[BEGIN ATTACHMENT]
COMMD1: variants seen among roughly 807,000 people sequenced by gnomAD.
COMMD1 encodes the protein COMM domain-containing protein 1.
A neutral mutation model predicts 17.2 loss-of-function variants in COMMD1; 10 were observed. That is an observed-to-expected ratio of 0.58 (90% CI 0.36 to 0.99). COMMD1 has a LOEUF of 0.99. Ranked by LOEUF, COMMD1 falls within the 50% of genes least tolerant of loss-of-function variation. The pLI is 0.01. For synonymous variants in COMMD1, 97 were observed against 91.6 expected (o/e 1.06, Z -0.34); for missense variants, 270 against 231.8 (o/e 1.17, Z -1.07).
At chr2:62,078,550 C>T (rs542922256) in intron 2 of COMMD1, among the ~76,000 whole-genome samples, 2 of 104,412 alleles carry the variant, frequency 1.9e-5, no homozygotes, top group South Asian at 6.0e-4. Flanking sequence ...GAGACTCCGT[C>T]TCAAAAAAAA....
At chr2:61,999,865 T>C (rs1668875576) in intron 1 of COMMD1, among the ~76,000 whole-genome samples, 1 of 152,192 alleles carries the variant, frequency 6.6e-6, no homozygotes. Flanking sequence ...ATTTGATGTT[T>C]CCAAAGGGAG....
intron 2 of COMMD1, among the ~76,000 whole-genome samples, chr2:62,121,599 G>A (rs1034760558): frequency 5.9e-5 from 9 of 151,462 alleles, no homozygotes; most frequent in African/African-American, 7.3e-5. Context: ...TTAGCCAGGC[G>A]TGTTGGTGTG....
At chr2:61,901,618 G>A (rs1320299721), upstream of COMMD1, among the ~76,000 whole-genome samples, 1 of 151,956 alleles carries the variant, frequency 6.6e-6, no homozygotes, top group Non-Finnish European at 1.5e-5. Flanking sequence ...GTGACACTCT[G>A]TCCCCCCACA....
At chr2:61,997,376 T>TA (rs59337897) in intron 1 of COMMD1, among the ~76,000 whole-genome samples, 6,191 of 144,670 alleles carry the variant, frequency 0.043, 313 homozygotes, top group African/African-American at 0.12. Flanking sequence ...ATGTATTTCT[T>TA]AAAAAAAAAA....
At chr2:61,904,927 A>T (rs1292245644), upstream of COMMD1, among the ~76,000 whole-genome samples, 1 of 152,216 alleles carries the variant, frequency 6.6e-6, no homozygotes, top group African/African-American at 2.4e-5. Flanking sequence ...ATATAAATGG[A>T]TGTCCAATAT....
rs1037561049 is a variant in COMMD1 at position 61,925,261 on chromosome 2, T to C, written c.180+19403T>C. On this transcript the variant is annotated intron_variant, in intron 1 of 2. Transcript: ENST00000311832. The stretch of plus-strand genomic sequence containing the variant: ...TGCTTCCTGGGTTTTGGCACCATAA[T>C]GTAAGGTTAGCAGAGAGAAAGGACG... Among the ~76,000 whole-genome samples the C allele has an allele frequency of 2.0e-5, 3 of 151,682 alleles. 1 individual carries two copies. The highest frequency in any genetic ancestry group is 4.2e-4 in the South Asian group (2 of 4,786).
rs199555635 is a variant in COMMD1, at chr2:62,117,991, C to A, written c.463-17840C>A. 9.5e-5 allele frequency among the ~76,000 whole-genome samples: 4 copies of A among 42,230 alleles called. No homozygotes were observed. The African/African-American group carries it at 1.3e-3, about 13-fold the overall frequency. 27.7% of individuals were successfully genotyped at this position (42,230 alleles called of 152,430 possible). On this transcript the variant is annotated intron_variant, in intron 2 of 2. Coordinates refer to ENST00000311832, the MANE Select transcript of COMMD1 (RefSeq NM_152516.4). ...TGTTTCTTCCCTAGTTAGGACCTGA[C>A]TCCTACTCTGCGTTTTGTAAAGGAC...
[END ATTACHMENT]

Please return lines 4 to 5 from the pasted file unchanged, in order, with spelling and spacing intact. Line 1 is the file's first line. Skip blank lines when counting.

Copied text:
At chr2:62,078,550 C>T (rs542922256) in intron 2 of COMMD1, among the ~76,000 whole-genome samples, 2 of 104,412 alleles carry the variant, frequency 1.9e-5, no homozygotes, top group South Asian at 6.0e-4. Flanking sequence ...GAGACTCCGT[C>T]TCAAAAAAAA....
At chr2:61,999,865 T>C (rs1668875576) in intron 1 of COMMD1, among the ~76,000 whole-genome samples, 1 of 152,192 alleles carries the variant, frequency 6.6e-6, no homozygotes. Flanking sequence ...ATTTGATGTT[T>C]CCAAAGGGAG....